“Downtown Secret Supper” reveals secrets

David Dewhirst outlines his latest downtown vision.

David Dewhirst outlines his latest downtown vision.

He seems like an open book. But downtown developer David Dewhirst is a man with secrets! At least he was until last Friday when he led about 40 Knox Heritage supporters on the 2010 “Downtown Secret Supper” tour — and spilled the beans about some of his latest plans.

Here’s what we found out:

  • Behind the buildings on the west side of the 100 block of Gay Street is an “urban forest.”
  • In the “L” formed behind the buildings on the southwest corner of the intersection of Jackson Avenue and Gay Street is a steep foliage-covered rock outcropping that served as the siege line during the Civil War. The union army defended the town from behind that rock outcropping.
  • Plans call for that area to be a cool little residential development. It will include the top floors of the buildings on the 100 block of Gay Street as well as residences in the Tennessee Associated and Tennessee Armature Buildings on Jackson Avenue.
  • In the middle of the backyards of those buildings, right up against the rock outcropping, will be a downtown Knoxville swimming pool.

“Hopefully, in 18 months, we’ll be seeing bronzed bodies around the pool here,” Dewhirst said with a grin. “And we’ll keep a lot of these trees that constitute the only urban forest in downtown Knoxville.”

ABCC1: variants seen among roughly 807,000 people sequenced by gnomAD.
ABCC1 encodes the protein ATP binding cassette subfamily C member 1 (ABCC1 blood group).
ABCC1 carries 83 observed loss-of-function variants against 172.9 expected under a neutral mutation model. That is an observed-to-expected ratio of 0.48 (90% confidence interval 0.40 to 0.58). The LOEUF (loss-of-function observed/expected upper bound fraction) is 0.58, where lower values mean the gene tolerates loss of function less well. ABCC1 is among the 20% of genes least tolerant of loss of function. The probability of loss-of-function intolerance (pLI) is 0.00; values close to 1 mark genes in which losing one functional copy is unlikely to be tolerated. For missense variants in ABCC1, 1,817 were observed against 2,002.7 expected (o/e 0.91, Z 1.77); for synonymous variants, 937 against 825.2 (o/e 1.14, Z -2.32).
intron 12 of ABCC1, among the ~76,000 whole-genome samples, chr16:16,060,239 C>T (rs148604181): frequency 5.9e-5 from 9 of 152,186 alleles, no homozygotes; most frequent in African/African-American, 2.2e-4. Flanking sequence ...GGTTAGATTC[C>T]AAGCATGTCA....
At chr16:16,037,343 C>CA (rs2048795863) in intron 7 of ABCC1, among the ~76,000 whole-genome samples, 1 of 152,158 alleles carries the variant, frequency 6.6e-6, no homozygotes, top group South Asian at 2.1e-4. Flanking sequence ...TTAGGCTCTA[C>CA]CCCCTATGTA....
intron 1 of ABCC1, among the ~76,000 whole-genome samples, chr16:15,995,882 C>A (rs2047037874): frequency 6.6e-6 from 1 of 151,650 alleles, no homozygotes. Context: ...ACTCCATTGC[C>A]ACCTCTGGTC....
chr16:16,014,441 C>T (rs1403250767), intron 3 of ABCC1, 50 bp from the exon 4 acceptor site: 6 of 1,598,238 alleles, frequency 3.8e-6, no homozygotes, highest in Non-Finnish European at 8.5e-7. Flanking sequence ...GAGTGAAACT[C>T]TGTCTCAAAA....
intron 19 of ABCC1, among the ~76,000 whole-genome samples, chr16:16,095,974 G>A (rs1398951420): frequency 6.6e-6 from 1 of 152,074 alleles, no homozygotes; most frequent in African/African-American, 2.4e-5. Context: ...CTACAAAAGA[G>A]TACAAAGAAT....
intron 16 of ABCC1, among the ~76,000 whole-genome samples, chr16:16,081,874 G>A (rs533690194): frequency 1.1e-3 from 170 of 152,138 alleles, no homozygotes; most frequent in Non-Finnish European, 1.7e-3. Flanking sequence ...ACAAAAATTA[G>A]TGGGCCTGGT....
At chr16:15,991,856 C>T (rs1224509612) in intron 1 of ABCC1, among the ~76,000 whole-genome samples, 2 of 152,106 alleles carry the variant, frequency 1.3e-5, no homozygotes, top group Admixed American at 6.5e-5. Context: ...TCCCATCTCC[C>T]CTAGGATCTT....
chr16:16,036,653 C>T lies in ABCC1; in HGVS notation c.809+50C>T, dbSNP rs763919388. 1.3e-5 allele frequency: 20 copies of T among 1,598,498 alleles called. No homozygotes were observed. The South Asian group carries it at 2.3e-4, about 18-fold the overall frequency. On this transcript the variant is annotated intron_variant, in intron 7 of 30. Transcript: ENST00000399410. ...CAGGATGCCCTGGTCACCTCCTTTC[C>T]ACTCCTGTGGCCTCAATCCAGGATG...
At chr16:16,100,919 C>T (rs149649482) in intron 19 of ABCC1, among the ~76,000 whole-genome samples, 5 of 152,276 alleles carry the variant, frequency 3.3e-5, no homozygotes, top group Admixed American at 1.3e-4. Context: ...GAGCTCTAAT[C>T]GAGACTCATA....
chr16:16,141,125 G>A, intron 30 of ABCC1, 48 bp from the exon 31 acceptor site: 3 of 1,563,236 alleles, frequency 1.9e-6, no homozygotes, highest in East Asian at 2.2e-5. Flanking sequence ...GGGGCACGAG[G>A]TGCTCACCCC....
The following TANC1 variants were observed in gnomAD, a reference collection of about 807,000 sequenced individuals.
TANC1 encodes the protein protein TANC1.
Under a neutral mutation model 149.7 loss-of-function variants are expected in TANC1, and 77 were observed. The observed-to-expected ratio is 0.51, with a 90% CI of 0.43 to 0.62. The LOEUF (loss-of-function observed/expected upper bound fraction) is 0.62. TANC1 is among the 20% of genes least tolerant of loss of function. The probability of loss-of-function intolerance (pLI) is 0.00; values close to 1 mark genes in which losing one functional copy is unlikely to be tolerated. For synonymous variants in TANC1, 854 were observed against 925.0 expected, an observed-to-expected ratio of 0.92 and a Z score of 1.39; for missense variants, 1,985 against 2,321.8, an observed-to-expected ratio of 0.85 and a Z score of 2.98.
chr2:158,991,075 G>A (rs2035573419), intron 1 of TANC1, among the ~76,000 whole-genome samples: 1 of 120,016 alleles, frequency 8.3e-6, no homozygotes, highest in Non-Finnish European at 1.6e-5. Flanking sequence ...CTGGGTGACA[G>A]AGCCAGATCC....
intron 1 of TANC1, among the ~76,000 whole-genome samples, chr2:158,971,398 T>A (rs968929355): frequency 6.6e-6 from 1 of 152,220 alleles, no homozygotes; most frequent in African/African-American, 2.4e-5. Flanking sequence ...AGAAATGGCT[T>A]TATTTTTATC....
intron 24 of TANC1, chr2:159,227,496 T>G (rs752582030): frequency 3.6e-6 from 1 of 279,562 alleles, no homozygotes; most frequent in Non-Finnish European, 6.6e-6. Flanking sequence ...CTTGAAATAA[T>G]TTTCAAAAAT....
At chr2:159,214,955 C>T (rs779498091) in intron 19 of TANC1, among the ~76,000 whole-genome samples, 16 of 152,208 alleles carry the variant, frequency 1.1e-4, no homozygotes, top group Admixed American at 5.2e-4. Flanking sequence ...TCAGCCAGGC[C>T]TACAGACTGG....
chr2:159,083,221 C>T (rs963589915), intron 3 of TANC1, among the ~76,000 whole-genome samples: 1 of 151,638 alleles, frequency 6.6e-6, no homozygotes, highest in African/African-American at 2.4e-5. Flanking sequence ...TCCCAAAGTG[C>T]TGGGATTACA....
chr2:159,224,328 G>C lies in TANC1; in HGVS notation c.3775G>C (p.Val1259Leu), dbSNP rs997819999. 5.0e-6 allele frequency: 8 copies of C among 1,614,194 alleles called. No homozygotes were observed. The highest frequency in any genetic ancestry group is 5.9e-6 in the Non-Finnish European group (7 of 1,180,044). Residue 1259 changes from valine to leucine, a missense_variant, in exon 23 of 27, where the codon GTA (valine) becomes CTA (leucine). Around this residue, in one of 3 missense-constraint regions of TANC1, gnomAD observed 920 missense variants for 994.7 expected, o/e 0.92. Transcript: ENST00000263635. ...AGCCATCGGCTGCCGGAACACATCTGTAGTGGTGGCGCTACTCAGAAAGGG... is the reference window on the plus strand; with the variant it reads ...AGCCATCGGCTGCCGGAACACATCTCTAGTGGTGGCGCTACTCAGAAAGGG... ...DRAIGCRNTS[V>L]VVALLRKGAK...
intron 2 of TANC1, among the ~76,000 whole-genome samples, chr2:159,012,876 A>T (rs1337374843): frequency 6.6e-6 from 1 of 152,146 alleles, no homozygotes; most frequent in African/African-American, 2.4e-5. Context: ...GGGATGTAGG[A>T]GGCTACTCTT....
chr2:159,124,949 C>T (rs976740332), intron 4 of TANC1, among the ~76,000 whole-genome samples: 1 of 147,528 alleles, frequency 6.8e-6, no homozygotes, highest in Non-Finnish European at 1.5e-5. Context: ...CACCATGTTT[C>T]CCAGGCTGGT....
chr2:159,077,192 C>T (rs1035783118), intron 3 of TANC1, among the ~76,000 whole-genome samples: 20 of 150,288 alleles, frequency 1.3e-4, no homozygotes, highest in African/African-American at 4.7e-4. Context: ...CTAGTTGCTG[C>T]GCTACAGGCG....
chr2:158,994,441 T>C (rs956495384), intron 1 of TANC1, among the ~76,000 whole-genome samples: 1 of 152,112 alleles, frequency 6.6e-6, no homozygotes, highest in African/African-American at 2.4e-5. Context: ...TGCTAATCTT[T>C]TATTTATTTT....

Developer Jeffrey Nash, the guy behind the successful Crown & Goose restaurant in the Old City, also is involved in the project, Dewhirst said.

The “Downtown Secret Supper” is one dinner experience in Knox Heritage’s “Summer Suppers” series. This one was actually a beer tasting. But here’s the deal: you pay your money and show up at an address you are given a few days beforehand. Then you are taken on a progressive dinner at surprise locations. Come along!

We were sent a message in the mail to show up at 500 W. Jackson Ave. That turned out to be the future office of Sanders Pace Architects. Little crepes wrapped around a variety of savory fillings were provided by The French Market, along with beer and wine.

David and Nancy Goodson at SandersPace building.

David and Nancy Goodson at Sanders Pace building.

Alan Carmichael at SandersPace's unfinished space. We were to see a LOT of exposed brick this evening!

Alan Carmichael at Sanders Pace's unfinished space looking out at Jackson Avenue. We were to see a LOT of exposed brick this evening!

David Dewhirst, left, and Rick Stone get into the beer tasting aspect of the evening at SandersPace space.

David Dewhirst, left, and Rick Stone get into the beer tasting aspect of the evening at Sanders Pace space.

When I asked where we were going to go next, Dan Holbrook just smiled and said, “It’s close.” We were instructed to follow him. So, drinks in hand, we headed East on Jackson Avenue a couple hundred feet.

Following our leader, Dan Holbrook, in white apron.

Following our leader, Dan Holbrook, in white apron.

We ended up in a shady area behind the Tennessee Associated and Tennessee Armature buildings on Jackson Avenue.

From this vantage point, the backs of the buildings on the 100 block of Gay Street are straight ahead. The Tennessee Associated and Tennessee Armature buildings are to the left, although you can't see them in this shot.

From this vantage point, the backs of the buildings on the 100 block of Gay Street are straight ahead. The Tennessee Associated and Tennessee Armature buildings are to the left, although you can't see them in this shot.

Behind Alan are the backs of the Tennessee Associated and Tennessee Armature buildings.

Behind Alan are the backs of the Tennessee Associated and Tennessee Armature buildings. He is gazing up at a rock outcropping used during the siege of Knoxville.

David Dewhirst explains the plans. The swimming pool will be near where he is standing.